Seweweekspoort FKT

8 December 2017

The Seweweekspoort FKT

After a long itch to summit the highest peak in the Western Cape – we plotted and planned a different approach to what was the lesser of two suggested routes. Although somewhat ambitious we weighed up all the options and decided to cycle from the small town of Barrydale, in the Western Cape, along the R62 to Ladismith. Once there we made our way towards the base of Seweweekspoort, stashed our bikes in the fynbos surrounding the mountain, on a friendly farmers land and made our way up the southern slope in an attempt to bag the snow-covered peak.

With only one weekend to complete the round trip, we had to move fast and light, traveling through the night on our bicycles. Although we dealt with freezing Karoo temperatures, the road was superbly quiet, still and without a breath of wind all night long.

We watched the sun rise and set alone on the road, nobody in sight

Chilly breakfast on the road to Ladismith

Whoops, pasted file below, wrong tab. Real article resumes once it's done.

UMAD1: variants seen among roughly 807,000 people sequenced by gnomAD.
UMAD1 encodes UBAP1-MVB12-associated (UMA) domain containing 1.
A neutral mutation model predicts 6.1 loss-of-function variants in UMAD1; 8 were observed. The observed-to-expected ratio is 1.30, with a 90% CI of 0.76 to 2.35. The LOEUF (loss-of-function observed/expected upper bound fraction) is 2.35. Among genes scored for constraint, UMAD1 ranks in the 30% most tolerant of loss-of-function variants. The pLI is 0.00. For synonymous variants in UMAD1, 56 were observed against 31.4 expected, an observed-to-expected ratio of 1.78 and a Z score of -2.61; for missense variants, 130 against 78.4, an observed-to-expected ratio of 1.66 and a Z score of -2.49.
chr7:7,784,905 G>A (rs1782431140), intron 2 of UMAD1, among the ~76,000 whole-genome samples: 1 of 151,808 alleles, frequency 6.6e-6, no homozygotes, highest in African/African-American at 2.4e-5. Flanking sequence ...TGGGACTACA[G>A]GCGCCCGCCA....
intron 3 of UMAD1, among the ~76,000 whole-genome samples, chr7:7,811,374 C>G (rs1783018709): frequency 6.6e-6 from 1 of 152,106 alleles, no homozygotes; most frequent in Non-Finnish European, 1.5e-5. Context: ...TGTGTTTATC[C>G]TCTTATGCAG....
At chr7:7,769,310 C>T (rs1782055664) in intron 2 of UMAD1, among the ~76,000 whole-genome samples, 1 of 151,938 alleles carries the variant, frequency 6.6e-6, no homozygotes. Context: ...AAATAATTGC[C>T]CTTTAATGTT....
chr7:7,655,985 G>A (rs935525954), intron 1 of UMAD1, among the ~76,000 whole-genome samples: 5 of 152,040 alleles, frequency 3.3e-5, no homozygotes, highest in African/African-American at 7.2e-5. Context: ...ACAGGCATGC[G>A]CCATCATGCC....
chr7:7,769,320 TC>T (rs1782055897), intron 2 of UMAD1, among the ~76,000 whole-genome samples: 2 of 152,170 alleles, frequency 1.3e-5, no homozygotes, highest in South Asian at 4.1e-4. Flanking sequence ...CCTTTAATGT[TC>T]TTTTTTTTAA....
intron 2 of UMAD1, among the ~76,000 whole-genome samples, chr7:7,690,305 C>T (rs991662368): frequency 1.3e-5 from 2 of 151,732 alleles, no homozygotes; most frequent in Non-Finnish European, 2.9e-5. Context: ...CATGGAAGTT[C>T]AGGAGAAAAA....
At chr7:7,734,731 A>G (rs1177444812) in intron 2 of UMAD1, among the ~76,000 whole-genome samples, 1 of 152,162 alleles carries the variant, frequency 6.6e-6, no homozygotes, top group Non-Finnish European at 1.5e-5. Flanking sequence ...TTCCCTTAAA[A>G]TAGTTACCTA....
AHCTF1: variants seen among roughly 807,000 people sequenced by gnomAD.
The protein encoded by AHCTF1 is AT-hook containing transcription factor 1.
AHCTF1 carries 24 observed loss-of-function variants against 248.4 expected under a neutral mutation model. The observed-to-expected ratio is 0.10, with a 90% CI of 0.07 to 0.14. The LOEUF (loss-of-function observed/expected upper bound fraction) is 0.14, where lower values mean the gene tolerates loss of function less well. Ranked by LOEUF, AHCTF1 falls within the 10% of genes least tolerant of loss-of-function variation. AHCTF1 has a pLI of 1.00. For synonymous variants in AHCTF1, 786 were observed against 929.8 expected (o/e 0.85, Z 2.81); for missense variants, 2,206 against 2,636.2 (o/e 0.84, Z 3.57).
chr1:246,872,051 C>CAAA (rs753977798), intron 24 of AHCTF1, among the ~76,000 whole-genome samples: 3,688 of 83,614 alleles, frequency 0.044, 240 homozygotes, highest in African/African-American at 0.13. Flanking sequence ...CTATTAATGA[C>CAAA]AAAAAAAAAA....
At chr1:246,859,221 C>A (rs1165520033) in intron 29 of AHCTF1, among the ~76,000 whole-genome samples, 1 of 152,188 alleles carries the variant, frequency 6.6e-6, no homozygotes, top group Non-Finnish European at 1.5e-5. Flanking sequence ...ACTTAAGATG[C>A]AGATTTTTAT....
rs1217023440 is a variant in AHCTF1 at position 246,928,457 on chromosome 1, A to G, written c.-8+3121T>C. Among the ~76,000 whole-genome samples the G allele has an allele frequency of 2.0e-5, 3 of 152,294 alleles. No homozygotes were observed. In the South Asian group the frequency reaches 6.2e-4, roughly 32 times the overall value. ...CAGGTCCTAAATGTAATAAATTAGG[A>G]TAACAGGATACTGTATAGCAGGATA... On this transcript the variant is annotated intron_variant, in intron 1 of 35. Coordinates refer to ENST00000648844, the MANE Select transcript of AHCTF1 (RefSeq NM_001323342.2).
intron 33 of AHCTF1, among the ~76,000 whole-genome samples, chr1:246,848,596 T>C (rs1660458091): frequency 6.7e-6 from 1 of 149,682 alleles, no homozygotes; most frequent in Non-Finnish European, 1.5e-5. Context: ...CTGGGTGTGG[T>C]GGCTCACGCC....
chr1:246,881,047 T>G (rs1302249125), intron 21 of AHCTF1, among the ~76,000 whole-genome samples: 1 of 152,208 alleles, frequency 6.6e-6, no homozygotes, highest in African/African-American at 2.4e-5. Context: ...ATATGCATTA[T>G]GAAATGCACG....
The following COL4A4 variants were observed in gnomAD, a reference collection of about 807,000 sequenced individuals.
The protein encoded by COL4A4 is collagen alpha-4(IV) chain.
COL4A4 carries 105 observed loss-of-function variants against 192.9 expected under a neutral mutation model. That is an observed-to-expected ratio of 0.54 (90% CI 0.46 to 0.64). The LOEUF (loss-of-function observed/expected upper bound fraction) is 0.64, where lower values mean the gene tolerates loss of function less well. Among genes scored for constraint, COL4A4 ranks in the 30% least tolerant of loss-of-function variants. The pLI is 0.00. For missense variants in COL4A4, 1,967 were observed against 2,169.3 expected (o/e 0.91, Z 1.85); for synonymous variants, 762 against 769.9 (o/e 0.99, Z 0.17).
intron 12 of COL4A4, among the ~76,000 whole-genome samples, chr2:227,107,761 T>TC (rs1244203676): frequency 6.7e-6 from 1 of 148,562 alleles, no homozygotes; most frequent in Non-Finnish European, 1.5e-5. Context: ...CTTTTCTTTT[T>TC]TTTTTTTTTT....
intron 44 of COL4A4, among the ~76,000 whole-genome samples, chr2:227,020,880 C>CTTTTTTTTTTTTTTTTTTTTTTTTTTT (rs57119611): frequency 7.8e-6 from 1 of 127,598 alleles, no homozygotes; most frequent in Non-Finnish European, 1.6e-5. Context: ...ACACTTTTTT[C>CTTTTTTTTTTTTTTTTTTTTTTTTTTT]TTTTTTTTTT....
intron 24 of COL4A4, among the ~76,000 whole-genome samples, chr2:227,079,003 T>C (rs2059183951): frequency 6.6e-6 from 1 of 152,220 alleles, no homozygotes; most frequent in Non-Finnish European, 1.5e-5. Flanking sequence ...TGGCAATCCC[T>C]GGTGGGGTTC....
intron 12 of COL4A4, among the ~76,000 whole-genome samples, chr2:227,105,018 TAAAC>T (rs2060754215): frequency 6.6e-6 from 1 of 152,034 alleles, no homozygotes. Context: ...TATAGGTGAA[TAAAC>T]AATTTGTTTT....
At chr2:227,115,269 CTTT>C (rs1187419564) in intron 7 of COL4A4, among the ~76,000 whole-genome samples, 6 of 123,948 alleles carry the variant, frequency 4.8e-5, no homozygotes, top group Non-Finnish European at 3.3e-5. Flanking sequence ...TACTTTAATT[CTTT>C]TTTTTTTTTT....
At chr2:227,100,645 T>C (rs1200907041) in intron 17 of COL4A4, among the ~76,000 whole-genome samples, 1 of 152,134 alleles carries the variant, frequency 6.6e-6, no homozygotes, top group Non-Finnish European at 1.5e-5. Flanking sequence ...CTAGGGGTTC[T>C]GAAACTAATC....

Making the switch from two wheels to our own two feet, after 6 hours of being on the bikes and covering 100km, we were very happy to be finally moving on foot.

There was no time for sleep – we needed to cycle out and back, climb that mountain and be back in Barrydale all within 24 hours.

The stone shelter on the southern slope is recommended as an overnight spot to those wanting to reach the summit and back down in one day. It proved a good lunch spot for us on the way up.

The elusive Seweweekspoort peak. Sadly we didn’t make it to the top – the list of excuses can go on, but our ambitions along an unmarked route and our lack of gear and food to survive a bivvy out on the snowy summit, meant we had to turn back and make the cycle back to Barrydale. Many lessons were learned and these sort of journeys are forever worthwhile.

An inevitable flat tire, after 18 hours on the go, it was a challenge of both will and patience.

Back in Barrydale, 2 am Sunday morning.
After 21 hours on the go, time for a cold beer and warm bed!


Words by:

Simon Pocock

Photos by:

Xavier Briel


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